Detect and Eliminate Bureaucracy in Geographically Distributed Large Agile Teams!

One of the many great things about working in Agile teams is the lack of bureaucracy. Agility and bureaucracy do not and cannot coexist. In general, bureaucracy is a system of government in which most of the important decisions are made by state officials rather than by elected representatives.  

Management guru Gary Hamel says,

“Strategy gets set at the top. Power trickles down. Big leaders appoint little leaders. Individuals compete for promotion. Compensation correlates with rank. Tasks are assigned. Managers assess performance. Rules tightly circumscribe discretion. This is the recipe for “bureaucracy,” the 150-year old mashup of military command structures and industrial engineering that constitutes the operating system for virtually every large-scale organization on the planet. It is the unchallenged tenets of bureaucracy that disable our organizations—that make them inertial, incremental and uninspiring.”

In our context, bureaucracy is with reference to geographically distributed teams working together to run Agile projects. When there is bureaucracy in geographically distributed teams, you will find powerful forces setting the rules, defining practices and mandating criteria. And there will be several followers who are ready succumb to the pressure. When this happens one may witness specialized definitions, measurement criteria, and rituals that define the software lifecycle to be followed by distributed teams. Decision making will move up in the hierarchy. Teams will practice practices just for the sake of practicing. Many of the team members will eventually forget the purpose, essence and sprit of processes. That is a slippery slope! In geographically distributed teams – especially when multiple organizations and powerful leaders come together, it is very difficult and challenging to guard against bureaucracy.   When that happens, we cannot have true Agile enablement.

This session will present the ground realities seen in distributed Agile projects and techniques to overcome bureaucracy in geographically distributed teams.

 
1 favorite thumb_down thumb_up 4 comments visibility_off  Remove from Watchlist visibility  Add to Watchlist
 

Outline/structure of the Session

  1. Introduction/Context Setting – 5 minutes
  2. Patterns of Ground Realities or Signs of Bureaucracy (with multiple examples) – 30 minutes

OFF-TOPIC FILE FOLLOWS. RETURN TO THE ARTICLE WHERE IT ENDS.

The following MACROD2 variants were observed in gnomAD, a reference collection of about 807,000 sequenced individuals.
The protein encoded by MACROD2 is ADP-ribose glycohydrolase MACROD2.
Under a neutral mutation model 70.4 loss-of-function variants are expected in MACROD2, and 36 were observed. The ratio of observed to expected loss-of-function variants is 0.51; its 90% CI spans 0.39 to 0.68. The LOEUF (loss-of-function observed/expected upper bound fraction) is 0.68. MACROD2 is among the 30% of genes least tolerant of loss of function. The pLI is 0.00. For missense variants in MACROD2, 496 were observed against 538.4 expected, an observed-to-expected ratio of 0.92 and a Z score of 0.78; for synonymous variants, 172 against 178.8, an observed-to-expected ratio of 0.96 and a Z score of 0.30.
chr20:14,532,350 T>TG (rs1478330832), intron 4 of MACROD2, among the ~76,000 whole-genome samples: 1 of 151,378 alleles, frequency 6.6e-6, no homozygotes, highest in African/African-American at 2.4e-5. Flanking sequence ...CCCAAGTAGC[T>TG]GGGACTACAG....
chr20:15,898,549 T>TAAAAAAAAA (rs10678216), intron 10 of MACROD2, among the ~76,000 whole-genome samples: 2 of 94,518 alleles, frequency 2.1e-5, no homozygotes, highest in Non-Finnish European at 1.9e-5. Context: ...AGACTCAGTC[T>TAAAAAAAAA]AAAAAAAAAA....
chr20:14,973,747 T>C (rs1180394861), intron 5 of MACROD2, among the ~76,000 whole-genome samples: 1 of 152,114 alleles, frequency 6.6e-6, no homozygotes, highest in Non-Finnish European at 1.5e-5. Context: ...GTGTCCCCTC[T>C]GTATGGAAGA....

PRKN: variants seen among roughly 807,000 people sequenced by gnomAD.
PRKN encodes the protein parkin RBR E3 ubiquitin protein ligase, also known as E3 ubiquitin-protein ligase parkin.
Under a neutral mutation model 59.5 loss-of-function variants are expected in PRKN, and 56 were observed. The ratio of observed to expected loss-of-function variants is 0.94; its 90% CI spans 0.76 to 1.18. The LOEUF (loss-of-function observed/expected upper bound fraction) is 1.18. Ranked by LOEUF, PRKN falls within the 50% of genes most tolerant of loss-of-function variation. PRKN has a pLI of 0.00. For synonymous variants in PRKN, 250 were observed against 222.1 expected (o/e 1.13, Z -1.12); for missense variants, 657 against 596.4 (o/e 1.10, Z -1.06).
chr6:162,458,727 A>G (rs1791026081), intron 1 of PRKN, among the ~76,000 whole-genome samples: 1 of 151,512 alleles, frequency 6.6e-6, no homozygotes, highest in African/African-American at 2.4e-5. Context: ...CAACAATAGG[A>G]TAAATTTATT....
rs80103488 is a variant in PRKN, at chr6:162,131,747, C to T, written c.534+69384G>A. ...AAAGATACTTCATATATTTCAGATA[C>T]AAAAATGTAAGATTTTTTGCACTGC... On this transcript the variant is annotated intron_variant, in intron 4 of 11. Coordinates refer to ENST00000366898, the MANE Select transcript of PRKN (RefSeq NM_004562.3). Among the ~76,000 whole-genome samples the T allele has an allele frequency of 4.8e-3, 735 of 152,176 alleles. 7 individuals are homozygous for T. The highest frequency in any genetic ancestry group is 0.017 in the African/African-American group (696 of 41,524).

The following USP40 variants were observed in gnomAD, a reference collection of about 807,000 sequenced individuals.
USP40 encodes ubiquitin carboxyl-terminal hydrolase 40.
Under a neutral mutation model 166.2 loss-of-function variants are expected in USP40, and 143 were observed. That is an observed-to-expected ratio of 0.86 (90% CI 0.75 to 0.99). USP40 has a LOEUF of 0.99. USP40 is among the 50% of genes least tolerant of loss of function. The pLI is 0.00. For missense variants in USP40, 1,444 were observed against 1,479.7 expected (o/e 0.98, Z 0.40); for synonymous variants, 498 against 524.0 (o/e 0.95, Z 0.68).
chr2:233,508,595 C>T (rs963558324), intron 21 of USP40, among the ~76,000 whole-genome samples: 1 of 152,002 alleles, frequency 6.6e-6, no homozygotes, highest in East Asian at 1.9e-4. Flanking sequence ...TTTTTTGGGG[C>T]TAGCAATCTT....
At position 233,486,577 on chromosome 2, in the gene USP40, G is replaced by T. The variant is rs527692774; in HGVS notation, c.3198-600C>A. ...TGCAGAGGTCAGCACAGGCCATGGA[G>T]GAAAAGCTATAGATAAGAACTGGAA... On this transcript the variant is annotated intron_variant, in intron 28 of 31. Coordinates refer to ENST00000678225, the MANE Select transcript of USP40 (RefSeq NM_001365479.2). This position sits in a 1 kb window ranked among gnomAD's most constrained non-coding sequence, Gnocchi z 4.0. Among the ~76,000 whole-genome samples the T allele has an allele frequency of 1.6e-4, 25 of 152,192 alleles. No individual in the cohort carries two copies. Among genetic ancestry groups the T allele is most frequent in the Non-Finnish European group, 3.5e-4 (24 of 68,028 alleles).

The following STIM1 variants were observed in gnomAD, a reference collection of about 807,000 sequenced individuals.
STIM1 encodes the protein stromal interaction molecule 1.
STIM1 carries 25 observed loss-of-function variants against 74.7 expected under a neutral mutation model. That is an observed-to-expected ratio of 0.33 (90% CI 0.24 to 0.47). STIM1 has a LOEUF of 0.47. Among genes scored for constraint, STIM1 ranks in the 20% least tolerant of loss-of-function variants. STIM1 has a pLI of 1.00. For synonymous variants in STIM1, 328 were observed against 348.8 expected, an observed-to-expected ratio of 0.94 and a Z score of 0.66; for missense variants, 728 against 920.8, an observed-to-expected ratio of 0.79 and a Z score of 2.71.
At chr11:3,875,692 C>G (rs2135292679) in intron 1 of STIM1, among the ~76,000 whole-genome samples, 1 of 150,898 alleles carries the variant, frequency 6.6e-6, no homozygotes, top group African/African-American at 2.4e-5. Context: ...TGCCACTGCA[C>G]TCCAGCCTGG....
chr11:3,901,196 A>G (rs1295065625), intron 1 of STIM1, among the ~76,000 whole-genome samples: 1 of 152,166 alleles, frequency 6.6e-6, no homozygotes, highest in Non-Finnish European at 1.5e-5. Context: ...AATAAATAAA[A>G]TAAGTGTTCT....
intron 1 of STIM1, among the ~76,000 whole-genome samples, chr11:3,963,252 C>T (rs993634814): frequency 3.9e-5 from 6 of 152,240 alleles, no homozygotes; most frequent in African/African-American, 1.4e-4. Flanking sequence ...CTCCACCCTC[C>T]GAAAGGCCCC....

Pattern-1: Practice Bureaucracy   Example: ‘For us these four practices are mandatory’

Pattern-2: Innovation Barricade - ‘New ideas? Let us focus on what we are doing now. We will look into all these new ideas in the next project!’

Pattern-3: Development Hurdle - ‘All new training requests will have to go through Mr. Brown’s approval which takes about three to four weeks.’

Pattern-4: Infrastructure Blockade - ‘Our Video Conferencing facility is for board meetings only.’

Pattern-5: Methodology Obsession: ‘We are an XRXM house.’

Pattern-6: Tools Dictatorship: ‘You may be in the middle of this project but it is our organizational decision to migrate from tool X to tool Y.’

Pattern-7: One-upmanship: ‘We will do the Root Cause Analysis here in our location and announce the results to the rest.’

Pattern-8: Bureaucratic Governance: ‘We are very busy unless there is an escalation.’

3.  Techniques to overcome bureaucracy in geographically distributed teams – 15 Minutes

Examples

Learning/Building Awareness

Agile Coaching

Principles-First Approach

Servant Leadership

Leadership-level Retrospectives

 

  1. Discussions and Wrap-up: 10 Minutes

 

Learning Outcome

The attendees of this session will understand

a)      How bureaucracy sets in when we initiate and run distributed Agile projects

b)      Why this happens and how it impacts agility

c)       What are the signs or symptoms

d)      How to overcome bureaucracy in geographically distributed teams

Target Audience

Practitioners of agile in onsite-offshore model, team members working with geographically distributed large agile teams, business analysts, business users, coaches, senior management

schedule Submitted 2 years ago

Comments Subscribe to Comments

comment Comment on this Proposal
  • Naresh Jain
    By Naresh Jain  ~  2 years ago
    reply Reply

    Hi Raja,

    Thanks for the proposal. What you've highlighted as patterns seems really only the problem definition (smell.) Can you please take any one problem and help us understand the solution, forces and other parts of the pattern.

    Also in the 8, there seems to be quite a bit of overlap. Can we reduce the list down?

    • Raja Bavani
      By Raja Bavani  ~  2 years ago
      reply Reply

      Naresh,